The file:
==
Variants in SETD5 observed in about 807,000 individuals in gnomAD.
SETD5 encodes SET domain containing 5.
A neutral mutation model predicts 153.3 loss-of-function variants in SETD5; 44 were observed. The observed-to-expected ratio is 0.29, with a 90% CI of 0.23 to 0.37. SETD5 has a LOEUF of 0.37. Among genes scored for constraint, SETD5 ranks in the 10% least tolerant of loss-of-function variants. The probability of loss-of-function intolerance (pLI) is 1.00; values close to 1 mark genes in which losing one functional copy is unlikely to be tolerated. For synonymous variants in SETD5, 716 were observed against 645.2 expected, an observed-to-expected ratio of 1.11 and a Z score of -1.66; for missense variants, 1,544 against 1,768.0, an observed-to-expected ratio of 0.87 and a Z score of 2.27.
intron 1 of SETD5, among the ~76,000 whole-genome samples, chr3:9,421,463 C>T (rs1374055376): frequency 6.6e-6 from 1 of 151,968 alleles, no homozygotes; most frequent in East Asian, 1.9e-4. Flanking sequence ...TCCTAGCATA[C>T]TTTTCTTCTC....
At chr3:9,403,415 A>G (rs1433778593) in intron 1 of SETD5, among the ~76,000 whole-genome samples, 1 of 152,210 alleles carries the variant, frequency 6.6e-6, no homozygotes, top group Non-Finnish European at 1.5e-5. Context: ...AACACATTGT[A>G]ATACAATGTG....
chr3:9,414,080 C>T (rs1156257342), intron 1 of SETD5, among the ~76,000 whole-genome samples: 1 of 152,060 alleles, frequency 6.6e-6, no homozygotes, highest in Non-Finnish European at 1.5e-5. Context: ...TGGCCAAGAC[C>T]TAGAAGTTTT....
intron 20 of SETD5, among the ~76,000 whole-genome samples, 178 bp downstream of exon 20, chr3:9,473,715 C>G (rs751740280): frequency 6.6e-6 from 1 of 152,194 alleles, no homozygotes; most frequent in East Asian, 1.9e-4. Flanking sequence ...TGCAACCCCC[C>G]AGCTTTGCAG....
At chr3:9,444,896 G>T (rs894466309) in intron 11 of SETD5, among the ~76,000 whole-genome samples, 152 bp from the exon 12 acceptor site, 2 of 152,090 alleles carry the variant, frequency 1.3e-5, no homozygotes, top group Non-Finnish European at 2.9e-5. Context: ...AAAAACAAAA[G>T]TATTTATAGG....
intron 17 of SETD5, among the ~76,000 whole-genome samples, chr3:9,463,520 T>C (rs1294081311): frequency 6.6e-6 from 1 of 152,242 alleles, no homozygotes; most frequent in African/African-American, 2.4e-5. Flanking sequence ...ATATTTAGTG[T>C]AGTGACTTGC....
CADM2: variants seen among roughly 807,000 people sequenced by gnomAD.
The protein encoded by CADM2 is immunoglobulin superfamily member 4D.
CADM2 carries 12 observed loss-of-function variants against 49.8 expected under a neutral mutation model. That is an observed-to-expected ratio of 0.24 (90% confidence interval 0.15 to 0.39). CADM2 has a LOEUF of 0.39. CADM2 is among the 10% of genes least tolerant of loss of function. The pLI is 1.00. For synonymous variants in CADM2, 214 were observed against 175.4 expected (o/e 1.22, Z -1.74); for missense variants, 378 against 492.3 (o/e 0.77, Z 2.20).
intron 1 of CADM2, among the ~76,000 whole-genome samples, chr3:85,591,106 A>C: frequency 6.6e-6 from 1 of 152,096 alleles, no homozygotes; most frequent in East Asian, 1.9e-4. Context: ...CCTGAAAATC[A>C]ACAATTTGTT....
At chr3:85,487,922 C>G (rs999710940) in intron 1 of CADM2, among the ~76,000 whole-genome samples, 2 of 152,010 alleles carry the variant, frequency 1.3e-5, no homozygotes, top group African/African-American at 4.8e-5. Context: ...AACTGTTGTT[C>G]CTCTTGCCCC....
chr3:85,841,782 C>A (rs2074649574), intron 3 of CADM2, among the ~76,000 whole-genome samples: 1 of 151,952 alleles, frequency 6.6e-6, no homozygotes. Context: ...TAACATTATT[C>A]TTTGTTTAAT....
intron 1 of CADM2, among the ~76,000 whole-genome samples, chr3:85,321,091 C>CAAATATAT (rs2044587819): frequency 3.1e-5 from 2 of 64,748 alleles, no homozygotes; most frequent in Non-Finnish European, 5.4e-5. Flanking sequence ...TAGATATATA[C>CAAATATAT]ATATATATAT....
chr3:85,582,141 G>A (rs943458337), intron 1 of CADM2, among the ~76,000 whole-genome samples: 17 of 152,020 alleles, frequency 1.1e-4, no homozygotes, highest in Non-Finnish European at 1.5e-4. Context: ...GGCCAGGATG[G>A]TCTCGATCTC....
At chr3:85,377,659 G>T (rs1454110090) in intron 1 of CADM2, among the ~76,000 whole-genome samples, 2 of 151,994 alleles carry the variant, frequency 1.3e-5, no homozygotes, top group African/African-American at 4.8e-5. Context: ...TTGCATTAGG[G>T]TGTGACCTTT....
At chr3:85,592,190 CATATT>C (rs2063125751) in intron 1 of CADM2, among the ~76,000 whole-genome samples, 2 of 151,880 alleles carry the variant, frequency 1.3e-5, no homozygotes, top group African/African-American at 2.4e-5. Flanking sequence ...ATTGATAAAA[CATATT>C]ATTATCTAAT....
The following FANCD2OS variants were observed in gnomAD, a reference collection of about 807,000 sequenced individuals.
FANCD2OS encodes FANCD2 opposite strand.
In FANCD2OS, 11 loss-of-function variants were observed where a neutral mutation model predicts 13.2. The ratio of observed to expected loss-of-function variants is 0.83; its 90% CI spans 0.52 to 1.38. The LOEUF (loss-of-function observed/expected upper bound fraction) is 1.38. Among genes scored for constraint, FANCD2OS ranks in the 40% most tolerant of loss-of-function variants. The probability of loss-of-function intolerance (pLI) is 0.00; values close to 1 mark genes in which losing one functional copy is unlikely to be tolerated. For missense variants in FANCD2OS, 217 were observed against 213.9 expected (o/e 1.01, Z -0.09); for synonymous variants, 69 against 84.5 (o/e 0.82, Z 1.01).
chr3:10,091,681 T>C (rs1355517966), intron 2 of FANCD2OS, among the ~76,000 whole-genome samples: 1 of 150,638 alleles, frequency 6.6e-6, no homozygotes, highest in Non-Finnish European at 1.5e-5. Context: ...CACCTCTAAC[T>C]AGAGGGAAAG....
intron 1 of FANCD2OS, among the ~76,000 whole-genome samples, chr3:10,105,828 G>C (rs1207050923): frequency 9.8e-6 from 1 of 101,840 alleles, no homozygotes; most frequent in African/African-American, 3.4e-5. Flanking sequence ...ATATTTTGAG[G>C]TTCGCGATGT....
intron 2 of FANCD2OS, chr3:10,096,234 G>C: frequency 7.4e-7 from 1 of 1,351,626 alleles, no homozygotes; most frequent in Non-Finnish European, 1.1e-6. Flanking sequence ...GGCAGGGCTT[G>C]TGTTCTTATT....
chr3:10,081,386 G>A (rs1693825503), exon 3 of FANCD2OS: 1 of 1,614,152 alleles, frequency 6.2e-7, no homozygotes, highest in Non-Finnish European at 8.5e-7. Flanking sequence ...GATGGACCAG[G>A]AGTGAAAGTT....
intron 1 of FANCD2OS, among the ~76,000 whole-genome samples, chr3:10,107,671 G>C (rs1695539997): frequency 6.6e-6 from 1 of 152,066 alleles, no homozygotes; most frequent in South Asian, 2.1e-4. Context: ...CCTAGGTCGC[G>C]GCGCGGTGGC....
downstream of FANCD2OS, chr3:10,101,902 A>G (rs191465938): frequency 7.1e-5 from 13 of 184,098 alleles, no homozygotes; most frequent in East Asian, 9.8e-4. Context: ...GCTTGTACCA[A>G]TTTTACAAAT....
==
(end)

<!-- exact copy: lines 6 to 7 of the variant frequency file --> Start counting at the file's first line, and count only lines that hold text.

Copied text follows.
chr3:9,414,080 C>T (rs1156257342), intron 1 of SETD5, among the ~76,000 whole-genome samples: 1 of 152,060 alleles, frequency 6.6e-6, no homozygotes, highest in Non-Finnish European at 1.5e-5. Context: ...TGGCCAAGAC[C>T]TAGAAGTTTT....
intron 20 of SETD5, among the ~76,000 whole-genome samples, 178 bp downstream of exon 20, chr3:9,473,715 C>G (rs751740280): frequency 6.6e-6 from 1 of 152,194 alleles, no homozygotes; most frequent in East Asian, 1.9e-4. Flanking sequence ...TGCAACCCCC[C>G]AGCTTTGCAG....